On Friday, the pound suffered its biggest one day loss against the dollar this year, but it staged a recovery yesterday following comments made by Dominic Raab. Speaking to Talk Radio on Monday morning, the Brexit secretary said that he was confident of securing a deal and that these ‘blips in the road’ are ‘blown a little bit out of proportion’. There’s probably some truth in what he says, although whether this will equate to securing a good Brexit deal with the EU is another matter.
Investors received the comments warmly and the pound regained a lot of the ground it lost against the dollar. However, many analysts suggested that Raab’s optimism could only support the pound for so long and the feeling is that investors will have to see something a little more concrete if the pound is going to continue its recovery. Here, it is important to highlight how a Brexit agreement is unlikely to be forthcoming any time soon, so there is a real opportunity to hedge your exposure against further volatility.
Meanwhile, China accused the US of ‘trade bullyism’ following the imposition of new tariffs which came into force yesterday. Beijing said it was willing to restart trade negotiations with America, but only if the talks are ‘based on mutual respect and equality’. The tariffs from both sides could have been worse, which could either be seen as a level of measure, or a means to allow room for further tariffs in the future. Economists have long warned that global economic growth could be affected by the tariffs if the trade war continues.
Today is relatively quiet on the economic data front, but we will see wholesale prices from Germany in August. The Labour conference will continue to debate the option of a fresh Brexit vote. Shadow chancellor John McDonnell has said a new referendum should only be about a departure deal, but shadow Brexit secretary, Sir Keir Starmer insists Labour has not ruled out holding an in/out referendum on the final Brexit deal.
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GBP: pound bounces back but factory orders weaken
Sterling recovered some of the ground it lost against the dollar on Friday, following comments made by Dominic Raab. Investors were buoyed by his confidence that a Brexit deal could still be reached, despite evidence to the contrary. The government remain divided on the best route forward and the markets will certainly need to see reasons to believe we can avoid a hard Brexit. Speaking of Brexit, the government published its latest set of no-deal Brexit planning papers yesterday. You can read them here.
Meanwhile, CBI industrial trends orders for September declined to a four-month low of -1 from +7 in the previous month. The markets had been expecting a figure of +5, so the release was rather disappointing. Export orders fell to the lowest level since October 2017, but output expectations for the next three months remain strong.
Nothing is on the economic data schedule today, but there will no doubt be further news on what next for the Brexit negotiations. Tomorrow is busier, with UK finance mortgage approvals for August, as well as the CBI distributive trades for September.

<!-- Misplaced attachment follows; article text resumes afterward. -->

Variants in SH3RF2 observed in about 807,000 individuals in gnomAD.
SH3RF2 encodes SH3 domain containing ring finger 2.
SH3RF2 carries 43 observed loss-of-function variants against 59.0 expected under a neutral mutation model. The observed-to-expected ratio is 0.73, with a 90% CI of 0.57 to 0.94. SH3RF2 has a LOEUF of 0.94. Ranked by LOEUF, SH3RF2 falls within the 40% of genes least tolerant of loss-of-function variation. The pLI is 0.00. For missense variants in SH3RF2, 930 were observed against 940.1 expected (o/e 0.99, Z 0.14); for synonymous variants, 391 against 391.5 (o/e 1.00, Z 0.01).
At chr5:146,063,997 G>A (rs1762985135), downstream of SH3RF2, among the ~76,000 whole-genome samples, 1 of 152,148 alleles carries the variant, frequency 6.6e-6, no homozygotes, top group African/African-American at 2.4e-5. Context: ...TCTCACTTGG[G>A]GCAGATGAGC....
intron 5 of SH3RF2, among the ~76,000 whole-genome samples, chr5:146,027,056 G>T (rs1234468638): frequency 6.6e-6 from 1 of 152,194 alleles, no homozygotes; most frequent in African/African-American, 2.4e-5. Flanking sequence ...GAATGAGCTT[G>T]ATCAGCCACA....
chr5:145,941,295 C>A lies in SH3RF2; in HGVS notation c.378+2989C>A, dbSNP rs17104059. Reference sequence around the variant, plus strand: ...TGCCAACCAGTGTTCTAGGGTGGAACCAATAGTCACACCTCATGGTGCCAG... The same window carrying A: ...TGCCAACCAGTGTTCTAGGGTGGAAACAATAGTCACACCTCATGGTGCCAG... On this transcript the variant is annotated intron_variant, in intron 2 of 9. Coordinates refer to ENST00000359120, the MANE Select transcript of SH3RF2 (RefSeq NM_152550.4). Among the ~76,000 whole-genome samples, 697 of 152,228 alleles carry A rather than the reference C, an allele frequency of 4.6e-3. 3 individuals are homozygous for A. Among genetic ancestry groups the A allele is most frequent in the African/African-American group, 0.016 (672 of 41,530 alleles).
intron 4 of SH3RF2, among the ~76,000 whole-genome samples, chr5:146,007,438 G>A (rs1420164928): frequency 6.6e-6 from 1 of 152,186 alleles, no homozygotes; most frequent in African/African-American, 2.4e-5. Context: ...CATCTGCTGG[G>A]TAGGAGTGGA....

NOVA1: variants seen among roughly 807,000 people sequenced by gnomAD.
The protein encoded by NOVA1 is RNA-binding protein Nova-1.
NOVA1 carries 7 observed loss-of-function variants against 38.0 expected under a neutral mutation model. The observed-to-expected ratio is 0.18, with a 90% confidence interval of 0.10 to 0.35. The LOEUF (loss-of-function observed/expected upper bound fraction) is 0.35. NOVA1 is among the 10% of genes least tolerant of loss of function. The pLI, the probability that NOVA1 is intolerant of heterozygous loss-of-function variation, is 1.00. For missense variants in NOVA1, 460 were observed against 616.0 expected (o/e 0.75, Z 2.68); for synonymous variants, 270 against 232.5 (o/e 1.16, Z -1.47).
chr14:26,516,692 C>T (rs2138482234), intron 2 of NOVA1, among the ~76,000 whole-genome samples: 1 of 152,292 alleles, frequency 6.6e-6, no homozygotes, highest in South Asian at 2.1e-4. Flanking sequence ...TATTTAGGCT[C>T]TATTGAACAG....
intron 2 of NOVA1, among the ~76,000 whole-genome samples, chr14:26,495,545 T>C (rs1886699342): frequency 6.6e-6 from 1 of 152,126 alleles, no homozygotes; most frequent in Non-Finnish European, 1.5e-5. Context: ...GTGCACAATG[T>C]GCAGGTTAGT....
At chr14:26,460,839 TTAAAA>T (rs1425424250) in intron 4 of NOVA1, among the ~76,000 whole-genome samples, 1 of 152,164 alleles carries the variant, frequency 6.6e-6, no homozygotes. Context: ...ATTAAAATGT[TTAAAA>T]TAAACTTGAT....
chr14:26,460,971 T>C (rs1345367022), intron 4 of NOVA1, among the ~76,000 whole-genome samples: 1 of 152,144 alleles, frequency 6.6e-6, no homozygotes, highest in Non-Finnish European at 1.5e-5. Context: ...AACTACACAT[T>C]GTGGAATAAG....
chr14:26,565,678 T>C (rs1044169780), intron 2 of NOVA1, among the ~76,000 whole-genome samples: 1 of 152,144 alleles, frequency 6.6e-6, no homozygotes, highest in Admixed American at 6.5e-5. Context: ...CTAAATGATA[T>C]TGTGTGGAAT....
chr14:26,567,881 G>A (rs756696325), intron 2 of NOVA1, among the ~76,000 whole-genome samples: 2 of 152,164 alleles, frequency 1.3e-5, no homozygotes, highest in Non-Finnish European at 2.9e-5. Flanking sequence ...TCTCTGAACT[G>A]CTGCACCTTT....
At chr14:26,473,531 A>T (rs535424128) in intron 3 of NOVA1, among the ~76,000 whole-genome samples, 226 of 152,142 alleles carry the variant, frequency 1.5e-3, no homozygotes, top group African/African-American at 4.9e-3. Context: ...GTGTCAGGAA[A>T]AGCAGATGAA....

EUR: German Ifo survey better than expected
The main release from the eurozone yesterday was the German Ifo business climate survey for September. Although the figure dipped to 103.7 from 103.9 the previous month, it was better than the expected 103.2. Ultimately, the reading suggests that businesses in Germany are not too concerned about the increased trade tensions between China and the US. Not yet, anyway.
The euro made some gains against the dollar to start the week in decent fashion, although it did slip a little against sterling. It is felt that upbeat Brexit comments made by Dominic Raab have helped boost the pound, although unless developments are announced soon, we can expect the optimism to fade and support for the pound will wane. The dollar is clearly suffering from trade war fears.
The only release of note today is the wholesale prices from Germany for August. Month-on-month, the figure is expected to hit 0.2% from 0.0% in the previous month. On Wednesday, we will have the European Central Bank’s non-monetary policy meeting.
USD: headlines dominated by political events
With no major economic data releases from the US yesterday, the headlines were dominated by political events. First, Donald Trump called his supreme court nominee Brett Kavanaugh ‘a fine man with an unblemished record’ following New Yorker reports of fresh allegations of sexual misconduct. Second, there were conflicting reports over deputy attorney general, Rod Rosenstein.
Rosenstein was overseeing the investigation of Russian election interference and whether it was linked to Trump’s campaign, but it was reported that he was preparing to resign at the same time as it was suggested he was going to be sacked. Rosenstein has discussed secretly recording the president, which is the reason all of this has come about.
After what is a quiet start to the week for US economic data, it picks up on Wednesday, with new home sales for August and the Federal Reserve’s interest rate decision. It will also be interest to see what the Federal Open Market Committee economic projections are, as well as what is said in the Fed’s press conference.
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